Amoebic gill disease (AGD) is currently the most important disease affecting the Tasmanian salmonid industry and is caused by a marine amoeba, Neoparameoba pemaquidensis (Page, 1970). In this study biofouling communities on salmon cages were...
|Tan, C. K. F., Nowak, B. F. and Hodson, S. L.||Aquaculture, pp.49-58||2002||Antifoulants, Cultured, Spawning|
|1176||Electrical stimulation of Atlantic salmon muscle and the effect on flesh quality.||
^The duration of an electrical stimulation and subsequent effect on quality was investigated to determine favourable durations for stunning Atlantic salmon (Salmo salar). A total of 78 fish were killed at the cage by a percussive blow to the head...
|Roth, B., Nortvedt, R., Slinde, E., Foss, A., Grimsb||Aquaculture, pp.85-90||2010||Food Safety|
|1177||Factors affecting residual blood and subsequent effect on bloodspotting in smoked Atlantic salmon fillets.||
^To identify possible reasons for poor bleed-out in exsanguinated Atlantic salmon (Salmo salar), approximately 918 fish were systematically slaughtered and treated in various ways before the fish was salted, smoked, skinned and placed over light...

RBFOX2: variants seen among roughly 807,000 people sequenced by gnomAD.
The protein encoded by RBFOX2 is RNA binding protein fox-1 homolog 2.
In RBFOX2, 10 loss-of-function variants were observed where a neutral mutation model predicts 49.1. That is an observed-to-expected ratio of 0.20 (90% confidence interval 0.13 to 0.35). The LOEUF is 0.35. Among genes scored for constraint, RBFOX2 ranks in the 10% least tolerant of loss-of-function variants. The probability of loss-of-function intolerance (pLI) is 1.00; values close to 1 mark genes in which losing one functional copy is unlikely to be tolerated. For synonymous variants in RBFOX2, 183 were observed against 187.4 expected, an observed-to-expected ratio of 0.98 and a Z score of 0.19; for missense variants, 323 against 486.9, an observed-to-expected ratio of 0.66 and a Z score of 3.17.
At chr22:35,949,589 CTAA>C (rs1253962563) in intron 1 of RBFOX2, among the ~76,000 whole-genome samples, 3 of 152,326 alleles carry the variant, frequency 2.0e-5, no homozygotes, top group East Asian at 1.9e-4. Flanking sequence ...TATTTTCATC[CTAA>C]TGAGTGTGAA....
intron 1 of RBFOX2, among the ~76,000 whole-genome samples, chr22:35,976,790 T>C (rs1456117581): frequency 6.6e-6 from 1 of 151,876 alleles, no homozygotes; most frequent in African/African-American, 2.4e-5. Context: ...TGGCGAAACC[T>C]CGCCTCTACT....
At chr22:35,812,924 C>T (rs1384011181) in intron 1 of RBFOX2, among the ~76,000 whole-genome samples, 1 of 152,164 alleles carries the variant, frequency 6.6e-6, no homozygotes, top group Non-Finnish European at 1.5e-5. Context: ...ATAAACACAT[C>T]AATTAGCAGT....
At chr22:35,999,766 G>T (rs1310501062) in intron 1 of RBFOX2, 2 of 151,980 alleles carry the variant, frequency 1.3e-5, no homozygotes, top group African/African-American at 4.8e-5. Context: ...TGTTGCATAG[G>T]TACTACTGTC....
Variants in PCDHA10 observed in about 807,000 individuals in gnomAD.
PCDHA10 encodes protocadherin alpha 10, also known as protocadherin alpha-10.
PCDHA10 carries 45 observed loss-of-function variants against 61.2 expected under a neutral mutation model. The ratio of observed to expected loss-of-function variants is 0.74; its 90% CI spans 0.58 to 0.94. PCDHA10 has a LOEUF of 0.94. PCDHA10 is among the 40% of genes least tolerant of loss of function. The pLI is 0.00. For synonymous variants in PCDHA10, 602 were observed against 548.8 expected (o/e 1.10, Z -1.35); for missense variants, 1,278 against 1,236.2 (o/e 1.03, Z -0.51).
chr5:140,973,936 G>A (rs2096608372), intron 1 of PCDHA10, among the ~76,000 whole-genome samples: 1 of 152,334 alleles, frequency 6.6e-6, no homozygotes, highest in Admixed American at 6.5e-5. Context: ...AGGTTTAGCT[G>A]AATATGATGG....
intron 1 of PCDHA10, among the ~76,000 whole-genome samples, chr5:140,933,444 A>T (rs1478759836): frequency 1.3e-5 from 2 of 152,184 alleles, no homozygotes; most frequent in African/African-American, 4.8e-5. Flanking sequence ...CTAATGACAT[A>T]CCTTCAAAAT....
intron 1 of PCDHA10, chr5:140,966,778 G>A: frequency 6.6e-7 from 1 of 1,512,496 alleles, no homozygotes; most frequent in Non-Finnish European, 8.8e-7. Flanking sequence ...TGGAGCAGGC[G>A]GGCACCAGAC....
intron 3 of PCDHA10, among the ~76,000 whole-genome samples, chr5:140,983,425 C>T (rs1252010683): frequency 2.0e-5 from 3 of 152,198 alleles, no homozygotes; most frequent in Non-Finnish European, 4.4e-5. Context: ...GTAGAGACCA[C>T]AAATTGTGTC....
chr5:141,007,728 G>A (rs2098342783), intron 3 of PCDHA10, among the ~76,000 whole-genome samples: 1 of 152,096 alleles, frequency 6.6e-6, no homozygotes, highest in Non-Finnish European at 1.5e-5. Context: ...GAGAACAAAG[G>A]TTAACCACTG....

|Roth, B., Obach, A., Hunter, D., Nortvedt, R. and Oyarzun, F.||Aquaculture, pp.163-168||2009||Food Safety|
|2186||Aspects of parr-smolt transformation in anadromous and resident forms of brown trout (Salmo trutta) in comparison with Atlantic salmon (Salmo salar).||
This study established the existence of a parr-smolt transformation in the anadromous form of brown trout but no such change in the resident form when reared under ambient photoperiod and temperature. Smolting occurred in March-April in the...
|Tanguy, J. M., Ombredane, D., Baglini||Aquaculture, pp.51-63||1994||Cultured, Freshwater/Hatchery|
|2906||Advancement and Synchronization of Ovulation in Atlantic Salmon (Salmo Salar L.) Following Injections of Lhrh Analogue.||
Female Atlantic salmon were subjected to dual injections of 0, 1 and 10 [mu]g/kg body weight of des-Gly10 [D-Ala6]LHRH-ethylamide, 28 and 47 days before normal time of ovulation. A second experiment was conducted using 0, 1, 10 and 100 [mu]g/kg...
|Taranger, G. L., Stefansson, S. O. and Hansen, T.||Aquaculture, pp.169-175||1992||Genetics/Molecular, Spawning|
|2188||Abrupt changes in photoperiod affect age at maturity, timing of ovulation and plasma testosterone and oestradiol-17[beta] profiles in Atlantic salmon, Salmo salar.||